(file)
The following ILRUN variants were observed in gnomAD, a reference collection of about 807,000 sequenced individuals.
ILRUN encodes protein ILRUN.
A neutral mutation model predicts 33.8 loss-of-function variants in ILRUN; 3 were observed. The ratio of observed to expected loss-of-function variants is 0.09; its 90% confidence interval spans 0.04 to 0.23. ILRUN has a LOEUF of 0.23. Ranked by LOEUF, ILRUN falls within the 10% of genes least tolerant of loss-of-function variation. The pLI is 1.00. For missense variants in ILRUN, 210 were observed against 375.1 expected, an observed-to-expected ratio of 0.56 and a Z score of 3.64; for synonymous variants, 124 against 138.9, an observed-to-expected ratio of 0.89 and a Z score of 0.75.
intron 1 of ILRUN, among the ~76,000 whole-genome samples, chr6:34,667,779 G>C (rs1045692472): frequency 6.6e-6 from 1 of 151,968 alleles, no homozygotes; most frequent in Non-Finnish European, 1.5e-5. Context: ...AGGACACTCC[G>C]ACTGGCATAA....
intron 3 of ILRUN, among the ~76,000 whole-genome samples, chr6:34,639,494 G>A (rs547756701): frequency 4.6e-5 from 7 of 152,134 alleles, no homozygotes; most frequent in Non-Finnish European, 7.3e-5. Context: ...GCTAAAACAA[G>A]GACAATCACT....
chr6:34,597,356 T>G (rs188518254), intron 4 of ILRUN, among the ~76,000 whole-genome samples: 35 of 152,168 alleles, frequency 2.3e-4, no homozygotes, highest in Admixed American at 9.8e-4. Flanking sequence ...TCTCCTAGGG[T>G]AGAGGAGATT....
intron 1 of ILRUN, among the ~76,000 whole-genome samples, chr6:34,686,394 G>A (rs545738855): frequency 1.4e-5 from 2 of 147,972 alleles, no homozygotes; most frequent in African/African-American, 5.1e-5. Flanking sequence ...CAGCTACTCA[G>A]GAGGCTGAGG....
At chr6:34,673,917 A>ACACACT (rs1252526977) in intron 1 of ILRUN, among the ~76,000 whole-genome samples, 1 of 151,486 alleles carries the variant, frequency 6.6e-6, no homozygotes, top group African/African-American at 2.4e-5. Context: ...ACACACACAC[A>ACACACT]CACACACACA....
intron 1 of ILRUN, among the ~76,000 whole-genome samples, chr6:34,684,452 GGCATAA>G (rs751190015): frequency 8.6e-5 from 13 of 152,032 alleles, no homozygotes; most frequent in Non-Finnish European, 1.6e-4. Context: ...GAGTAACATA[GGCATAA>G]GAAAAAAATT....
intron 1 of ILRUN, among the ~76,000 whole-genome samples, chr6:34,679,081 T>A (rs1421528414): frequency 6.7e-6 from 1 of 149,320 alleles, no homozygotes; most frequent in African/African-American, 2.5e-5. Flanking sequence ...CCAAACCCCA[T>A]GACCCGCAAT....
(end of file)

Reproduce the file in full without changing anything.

The following ILRUN variants were observed in gnomAD, a reference collection of about 807,000 sequenced individuals.
ILRUN encodes protein ILRUN.
A neutral mutation model predicts 33.8 loss-of-function variants in ILRUN; 3 were observed. The ratio of observed to expected loss-of-function variants is 0.09; its 90% confidence interval spans 0.04 to 0.23. ILRUN has a LOEUF of 0.23. Ranked by LOEUF, ILRUN falls within the 10% of genes least tolerant of loss-of-function variation. The pLI is 1.00. For missense variants in ILRUN, 210 were observed against 375.1 expected, an observed-to-expected ratio of 0.56 and a Z score of 3.64; for synonymous variants, 124 against 138.9, an observed-to-expected ratio of 0.89 and a Z score of 0.75.
intron 1 of ILRUN, among the ~76,000 whole-genome samples, chr6:34,667,779 G>C (rs1045692472): frequency 6.6e-6 from 1 of 151,968 alleles, no homozygotes; most frequent in Non-Finnish European, 1.5e-5. Context: ...AGGACACTCC[G>C]ACTGGCATAA....
intron 3 of ILRUN, among the ~76,000 whole-genome samples, chr6:34,639,494 G>A (rs547756701): frequency 4.6e-5 from 7 of 152,134 alleles, no homozygotes; most frequent in Non-Finnish European, 7.3e-5. Context: ...GCTAAAACAA[G>A]GACAATCACT....
chr6:34,597,356 T>G (rs188518254), intron 4 of ILRUN, among the ~76,000 whole-genome samples: 35 of 152,168 alleles, frequency 2.3e-4, no homozygotes, highest in Admixed American at 9.8e-4. Flanking sequence ...TCTCCTAGGG[T>G]AGAGGAGATT....
intron 1 of ILRUN, among the ~76,000 whole-genome samples, chr6:34,686,394 G>A (rs545738855): frequency 1.4e-5 from 2 of 147,972 alleles, no homozygotes; most frequent in African/African-American, 5.1e-5. Flanking sequence ...CAGCTACTCA[G>A]GAGGCTGAGG....
At chr6:34,673,917 A>ACACACT (rs1252526977) in intron 1 of ILRUN, among the ~76,000 whole-genome samples, 1 of 151,486 alleles carries the variant, frequency 6.6e-6, no homozygotes, top group African/African-American at 2.4e-5. Context: ...ACACACACAC[A>ACACACT]CACACACACA....
intron 1 of ILRUN, among the ~76,000 whole-genome samples, chr6:34,684,452 GGCATAA>G (rs751190015): frequency 8.6e-5 from 13 of 152,032 alleles, no homozygotes; most frequent in Non-Finnish European, 1.6e-4. Context: ...GAGTAACATA[GGCATAA>G]GAAAAAAATT....
intron 1 of ILRUN, among the ~76,000 whole-genome samples, chr6:34,679,081 T>A (rs1421528414): frequency 6.7e-6 from 1 of 149,320 alleles, no homozygotes; most frequent in African/African-American, 2.5e-5. Flanking sequence ...CCAAACCCCA[T>A]GACCCGCAAT....